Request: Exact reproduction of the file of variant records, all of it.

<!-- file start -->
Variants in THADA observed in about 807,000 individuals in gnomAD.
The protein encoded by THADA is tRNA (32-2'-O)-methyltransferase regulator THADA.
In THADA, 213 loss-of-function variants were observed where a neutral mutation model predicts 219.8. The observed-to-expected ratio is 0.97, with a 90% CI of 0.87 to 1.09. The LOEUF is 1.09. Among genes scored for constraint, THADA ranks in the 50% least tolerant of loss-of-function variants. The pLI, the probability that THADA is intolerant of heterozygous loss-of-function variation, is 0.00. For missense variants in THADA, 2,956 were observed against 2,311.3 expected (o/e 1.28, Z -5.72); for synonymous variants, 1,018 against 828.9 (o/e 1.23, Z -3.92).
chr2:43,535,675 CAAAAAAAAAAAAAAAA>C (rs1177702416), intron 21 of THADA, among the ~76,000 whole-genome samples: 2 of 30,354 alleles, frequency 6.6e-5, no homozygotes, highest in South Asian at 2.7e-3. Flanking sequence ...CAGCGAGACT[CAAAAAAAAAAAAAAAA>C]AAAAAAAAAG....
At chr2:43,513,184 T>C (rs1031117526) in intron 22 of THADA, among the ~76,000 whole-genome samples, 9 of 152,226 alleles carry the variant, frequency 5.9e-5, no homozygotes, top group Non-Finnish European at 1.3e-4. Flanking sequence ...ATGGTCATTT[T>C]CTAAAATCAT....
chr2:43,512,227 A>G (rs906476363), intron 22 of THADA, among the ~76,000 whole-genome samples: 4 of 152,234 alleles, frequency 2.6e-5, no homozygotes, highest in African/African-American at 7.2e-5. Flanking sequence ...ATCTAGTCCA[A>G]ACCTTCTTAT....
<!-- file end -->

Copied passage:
Variants in THADA observed in about 807,000 individuals in gnomAD.
The protein encoded by THADA is tRNA (32-2'-O)-methyltransferase regulator THADA.
In THADA, 213 loss-of-function variants were observed where a neutral mutation model predicts 219.8. The observed-to-expected ratio is 0.97, with a 90% CI of 0.87 to 1.09. The LOEUF is 1.09. Among genes scored for constraint, THADA ranks in the 50% least tolerant of loss-of-function variants. The pLI, the probability that THADA is intolerant of heterozygous loss-of-function variation, is 0.00. For missense variants in THADA, 2,956 were observed against 2,311.3 expected (o/e 1.28, Z -5.72); for synonymous variants, 1,018 against 828.9 (o/e 1.23, Z -3.92).
chr2:43,535,675 CAAAAAAAAAAAAAAAA>C (rs1177702416), intron 21 of THADA, among the ~76,000 whole-genome samples: 2 of 30,354 alleles, frequency 6.6e-5, no homozygotes, highest in South Asian at 2.7e-3. Flanking sequence ...CAGCGAGACT[CAAAAAAAAAAAAAAAA>C]AAAAAAAAAG....
At chr2:43,513,184 T>C (rs1031117526) in intron 22 of THADA, among the ~76,000 whole-genome samples, 9 of 152,226 alleles carry the variant, frequency 5.9e-5, no homozygotes, top group Non-Finnish European at 1.3e-4. Flanking sequence ...ATGGTCATTT[T>C]CTAAAATCAT....
chr2:43,512,227 A>G (rs906476363), intron 22 of THADA, among the ~76,000 whole-genome samples: 4 of 152,234 alleles, frequency 2.6e-5, no homozygotes, highest in African/African-American at 7.2e-5. Flanking sequence ...ATCTAGTCCA[A>G]ACCTTCTTAT....